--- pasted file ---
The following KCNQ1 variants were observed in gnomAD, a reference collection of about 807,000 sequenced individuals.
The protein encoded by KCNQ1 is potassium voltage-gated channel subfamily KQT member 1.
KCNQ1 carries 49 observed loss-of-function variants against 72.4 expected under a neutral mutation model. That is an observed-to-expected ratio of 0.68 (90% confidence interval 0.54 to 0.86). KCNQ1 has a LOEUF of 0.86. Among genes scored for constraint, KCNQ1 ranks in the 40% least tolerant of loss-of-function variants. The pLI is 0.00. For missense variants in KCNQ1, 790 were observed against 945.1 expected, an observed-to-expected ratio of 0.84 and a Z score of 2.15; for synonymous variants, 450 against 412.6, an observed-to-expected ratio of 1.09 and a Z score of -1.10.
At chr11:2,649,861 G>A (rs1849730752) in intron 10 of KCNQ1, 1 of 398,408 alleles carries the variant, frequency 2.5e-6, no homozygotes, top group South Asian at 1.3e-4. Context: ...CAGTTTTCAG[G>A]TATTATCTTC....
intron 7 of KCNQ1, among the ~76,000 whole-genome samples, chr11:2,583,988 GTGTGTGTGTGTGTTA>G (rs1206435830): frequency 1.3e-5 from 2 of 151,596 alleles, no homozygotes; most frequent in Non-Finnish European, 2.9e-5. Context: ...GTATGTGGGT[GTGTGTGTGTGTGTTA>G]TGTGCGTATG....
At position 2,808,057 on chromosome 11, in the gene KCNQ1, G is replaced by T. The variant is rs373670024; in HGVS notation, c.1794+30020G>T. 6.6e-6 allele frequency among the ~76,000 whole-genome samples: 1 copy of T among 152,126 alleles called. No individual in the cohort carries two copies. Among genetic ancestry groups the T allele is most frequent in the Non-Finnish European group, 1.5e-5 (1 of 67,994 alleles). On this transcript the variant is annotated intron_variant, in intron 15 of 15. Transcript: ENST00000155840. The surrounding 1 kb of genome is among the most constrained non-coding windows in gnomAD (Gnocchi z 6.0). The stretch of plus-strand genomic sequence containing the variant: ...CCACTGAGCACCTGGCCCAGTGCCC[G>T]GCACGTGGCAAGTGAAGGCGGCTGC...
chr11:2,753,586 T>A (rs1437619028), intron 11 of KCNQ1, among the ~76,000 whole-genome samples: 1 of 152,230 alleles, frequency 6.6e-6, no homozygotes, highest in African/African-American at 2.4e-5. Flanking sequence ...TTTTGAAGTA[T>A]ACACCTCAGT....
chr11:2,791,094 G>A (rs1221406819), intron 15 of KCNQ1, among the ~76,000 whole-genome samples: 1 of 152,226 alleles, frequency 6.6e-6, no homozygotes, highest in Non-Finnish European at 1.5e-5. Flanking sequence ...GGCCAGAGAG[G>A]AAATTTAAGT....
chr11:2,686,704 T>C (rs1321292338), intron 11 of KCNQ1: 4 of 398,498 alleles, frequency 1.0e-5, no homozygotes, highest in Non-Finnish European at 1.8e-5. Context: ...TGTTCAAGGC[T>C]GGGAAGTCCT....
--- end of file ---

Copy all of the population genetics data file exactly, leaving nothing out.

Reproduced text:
The following KCNQ1 variants were observed in gnomAD, a reference collection of about 807,000 sequenced individuals.
The protein encoded by KCNQ1 is potassium voltage-gated channel subfamily KQT member 1.
KCNQ1 carries 49 observed loss-of-function variants against 72.4 expected under a neutral mutation model. That is an observed-to-expected ratio of 0.68 (90% confidence interval 0.54 to 0.86). KCNQ1 has a LOEUF of 0.86. Among genes scored for constraint, KCNQ1 ranks in the 40% least tolerant of loss-of-function variants. The pLI is 0.00. For missense variants in KCNQ1, 790 were observed against 945.1 expected, an observed-to-expected ratio of 0.84 and a Z score of 2.15; for synonymous variants, 450 against 412.6, an observed-to-expected ratio of 1.09 and a Z score of -1.10.
At chr11:2,649,861 G>A (rs1849730752) in intron 10 of KCNQ1, 1 of 398,408 alleles carries the variant, frequency 2.5e-6, no homozygotes, top group South Asian at 1.3e-4. Context: ...CAGTTTTCAG[G>A]TATTATCTTC....
intron 7 of KCNQ1, among the ~76,000 whole-genome samples, chr11:2,583,988 GTGTGTGTGTGTGTTA>G (rs1206435830): frequency 1.3e-5 from 2 of 151,596 alleles, no homozygotes; most frequent in Non-Finnish European, 2.9e-5. Context: ...GTATGTGGGT[GTGTGTGTGTGTGTTA>G]TGTGCGTATG....
At position 2,808,057 on chromosome 11, in the gene KCNQ1, G is replaced by T. The variant is rs373670024; in HGVS notation, c.1794+30020G>T. 6.6e-6 allele frequency among the ~76,000 whole-genome samples: 1 copy of T among 152,126 alleles called. No individual in the cohort carries two copies. Among genetic ancestry groups the T allele is most frequent in the Non-Finnish European group, 1.5e-5 (1 of 67,994 alleles). On this transcript the variant is annotated intron_variant, in intron 15 of 15. Transcript: ENST00000155840. The surrounding 1 kb of genome is among the most constrained non-coding windows in gnomAD (Gnocchi z 6.0). The stretch of plus-strand genomic sequence containing the variant: ...CCACTGAGCACCTGGCCCAGTGCCC[G>T]GCACGTGGCAAGTGAAGGCGGCTGC...
chr11:2,753,586 T>A (rs1437619028), intron 11 of KCNQ1, among the ~76,000 whole-genome samples: 1 of 152,230 alleles, frequency 6.6e-6, no homozygotes, highest in African/African-American at 2.4e-5. Flanking sequence ...TTTTGAAGTA[T>A]ACACCTCAGT....
chr11:2,791,094 G>A (rs1221406819), intron 15 of KCNQ1, among the ~76,000 whole-genome samples: 1 of 152,226 alleles, frequency 6.6e-6, no homozygotes, highest in Non-Finnish European at 1.5e-5. Flanking sequence ...GGCCAGAGAG[G>A]AAATTTAAGT....
chr11:2,686,704 T>C (rs1321292338), intron 11 of KCNQ1: 4 of 398,498 alleles, frequency 1.0e-5, no homozygotes, highest in Non-Finnish European at 1.8e-5. Context: ...TGTTCAAGGC[T>C]GGGAAGTCCT....